An organization supports its staff through endowment funds that encourage skill enhancement
Anjula Narayan has been working for the CapitalCare Foundation, an organization supporting specialized and long term care for the elderly and those with dementia for 20 years. She’s passionate about helping those in her care – and it shows through her desire to constantly update her skills.
When she started at CapitalCare, she was a health care aide, and in 2012, she went to school to become a licensed practical nurse. One of the great things about the organization, says Narayan, was that they were able to support her education through bursaries provided by endowment funds.
Two funds were started about 20 years ago by high profile women in Edmonton – the late Pearl Hawrelak Porter, wife of former mayor William Hawrelak started one, while the late Jean McBean, a successful local lawyer, began the other. The goal of the funds is to help educate staff in the areas of physiotherapy, occupational therapy and foot care. It’s a goal that helps ensure the continued growth of the organization, and one that remains important to both the families of the original funders, and to CapitalCare.
“I’M EXCITED THAT WE CAN CONTINUE WITH THE GOALS CREATED BY THE DONORS 20 YEARS AGO”
For Narayan, the extra help meant she was able to take courses in pharmacology and physiology, and most recently an immunization course. Without the bursaries, it would have been very difficult for her to update her education. “My husband is on disability and we do not always have extra money. So, the bursaries have been a great help,” Narayan says. Money from the endowment funds is meant to help individuals like Narayan, who will then go on to help countless patients within the foundation’s care. Just a few years ago, the funds were no longer growing, and the organization had to decide whether to spend the principal or find a way to make them viable.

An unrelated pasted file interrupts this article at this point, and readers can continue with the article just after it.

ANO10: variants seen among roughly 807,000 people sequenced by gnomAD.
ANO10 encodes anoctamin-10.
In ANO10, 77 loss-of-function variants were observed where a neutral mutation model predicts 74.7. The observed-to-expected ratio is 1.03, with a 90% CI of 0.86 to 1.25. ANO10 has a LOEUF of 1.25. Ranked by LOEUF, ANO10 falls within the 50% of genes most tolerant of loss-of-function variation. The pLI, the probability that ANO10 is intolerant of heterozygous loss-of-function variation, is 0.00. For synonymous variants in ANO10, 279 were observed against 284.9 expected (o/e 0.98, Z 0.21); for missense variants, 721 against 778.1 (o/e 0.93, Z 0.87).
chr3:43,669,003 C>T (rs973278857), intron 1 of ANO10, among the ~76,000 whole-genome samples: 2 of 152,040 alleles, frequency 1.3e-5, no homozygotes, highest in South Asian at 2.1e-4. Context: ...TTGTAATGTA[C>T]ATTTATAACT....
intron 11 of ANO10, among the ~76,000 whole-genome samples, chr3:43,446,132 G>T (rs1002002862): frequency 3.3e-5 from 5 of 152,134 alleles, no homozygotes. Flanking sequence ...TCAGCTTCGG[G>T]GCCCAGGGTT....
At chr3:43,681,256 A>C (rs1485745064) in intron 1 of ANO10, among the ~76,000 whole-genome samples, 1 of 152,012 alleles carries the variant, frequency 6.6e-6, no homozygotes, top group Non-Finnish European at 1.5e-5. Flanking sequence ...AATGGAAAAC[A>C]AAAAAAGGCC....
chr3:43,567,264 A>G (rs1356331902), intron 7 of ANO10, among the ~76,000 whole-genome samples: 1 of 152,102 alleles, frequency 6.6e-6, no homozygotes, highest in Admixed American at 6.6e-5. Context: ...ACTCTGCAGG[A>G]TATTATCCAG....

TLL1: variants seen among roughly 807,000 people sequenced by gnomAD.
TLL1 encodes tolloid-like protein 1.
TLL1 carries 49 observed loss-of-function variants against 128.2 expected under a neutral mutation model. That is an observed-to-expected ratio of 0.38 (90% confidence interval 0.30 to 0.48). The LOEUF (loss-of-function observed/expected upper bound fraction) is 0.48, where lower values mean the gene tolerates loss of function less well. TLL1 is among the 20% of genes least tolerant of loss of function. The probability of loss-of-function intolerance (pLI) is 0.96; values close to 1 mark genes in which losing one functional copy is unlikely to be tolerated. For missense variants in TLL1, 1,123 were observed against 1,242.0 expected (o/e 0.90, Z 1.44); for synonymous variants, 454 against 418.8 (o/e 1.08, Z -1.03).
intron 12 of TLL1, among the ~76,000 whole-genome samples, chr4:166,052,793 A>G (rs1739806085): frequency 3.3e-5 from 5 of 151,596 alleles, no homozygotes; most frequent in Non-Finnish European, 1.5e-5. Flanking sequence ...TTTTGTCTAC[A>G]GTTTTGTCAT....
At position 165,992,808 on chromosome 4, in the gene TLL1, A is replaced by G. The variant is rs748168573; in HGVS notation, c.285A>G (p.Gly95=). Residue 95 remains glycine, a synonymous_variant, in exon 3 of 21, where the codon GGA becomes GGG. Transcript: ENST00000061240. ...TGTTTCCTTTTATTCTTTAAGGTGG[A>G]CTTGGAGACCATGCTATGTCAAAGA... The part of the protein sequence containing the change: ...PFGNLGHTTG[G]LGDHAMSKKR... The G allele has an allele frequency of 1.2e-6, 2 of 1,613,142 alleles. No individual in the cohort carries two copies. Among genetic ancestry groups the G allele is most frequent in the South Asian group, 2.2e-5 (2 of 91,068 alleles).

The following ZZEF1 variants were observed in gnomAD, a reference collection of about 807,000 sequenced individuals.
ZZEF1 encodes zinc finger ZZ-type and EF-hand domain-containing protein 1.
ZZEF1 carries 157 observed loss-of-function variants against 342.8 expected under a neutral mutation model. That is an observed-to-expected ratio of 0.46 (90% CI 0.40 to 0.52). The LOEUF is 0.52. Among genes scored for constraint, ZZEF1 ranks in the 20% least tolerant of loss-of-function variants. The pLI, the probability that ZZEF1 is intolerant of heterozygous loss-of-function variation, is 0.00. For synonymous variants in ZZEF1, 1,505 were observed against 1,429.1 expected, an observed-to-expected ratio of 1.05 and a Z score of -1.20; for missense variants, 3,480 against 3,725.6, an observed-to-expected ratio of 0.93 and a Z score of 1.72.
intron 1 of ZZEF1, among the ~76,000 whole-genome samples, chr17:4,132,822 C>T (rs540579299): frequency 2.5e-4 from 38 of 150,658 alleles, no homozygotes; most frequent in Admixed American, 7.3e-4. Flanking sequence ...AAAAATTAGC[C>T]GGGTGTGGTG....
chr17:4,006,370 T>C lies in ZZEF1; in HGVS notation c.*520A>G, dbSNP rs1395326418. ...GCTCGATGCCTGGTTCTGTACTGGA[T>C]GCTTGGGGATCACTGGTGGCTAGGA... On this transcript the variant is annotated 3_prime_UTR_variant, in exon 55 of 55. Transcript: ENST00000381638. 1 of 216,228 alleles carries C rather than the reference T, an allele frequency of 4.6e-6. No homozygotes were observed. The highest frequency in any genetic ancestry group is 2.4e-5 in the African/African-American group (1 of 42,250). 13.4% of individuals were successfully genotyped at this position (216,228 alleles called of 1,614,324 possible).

CapitalCare decided to take part in Edmonton Community Foundation’s (ECF) Endowment Sustainability Program, a workshop composed of five classes taught by experts who speak about tax benefits, financial benefits, and how to effectively connect with donors. ECF also has a team of experts who can manage these endowment funds once they’re in place.
Both of the CapitalCare funds are now in the care of ECF, and Sherry Schaefer, director of fundraising and donor relations, says they’ve both increased, which means the annual earnings generated by the funds can actually go towards long-term goals. “I’m excited that we can continue with the goals created by the donors 20 years ago,” says Schaefer.
ECF can help both by educating charities about endowments, and by actually facilitating those funds. Noel Xavier, donor advisor of ECF, says the first step is helping organizations understand why donors want to create endowment funds in the first place. “Donors who support endowments appreciate being part of the inner circle. They get to be part of the future, not just what is happening today. And it really gives them a sense of ownership, and a sense of pride in the charities that they most love. They have peace of mind in knowing this is their legacy going forward,” says Xavier.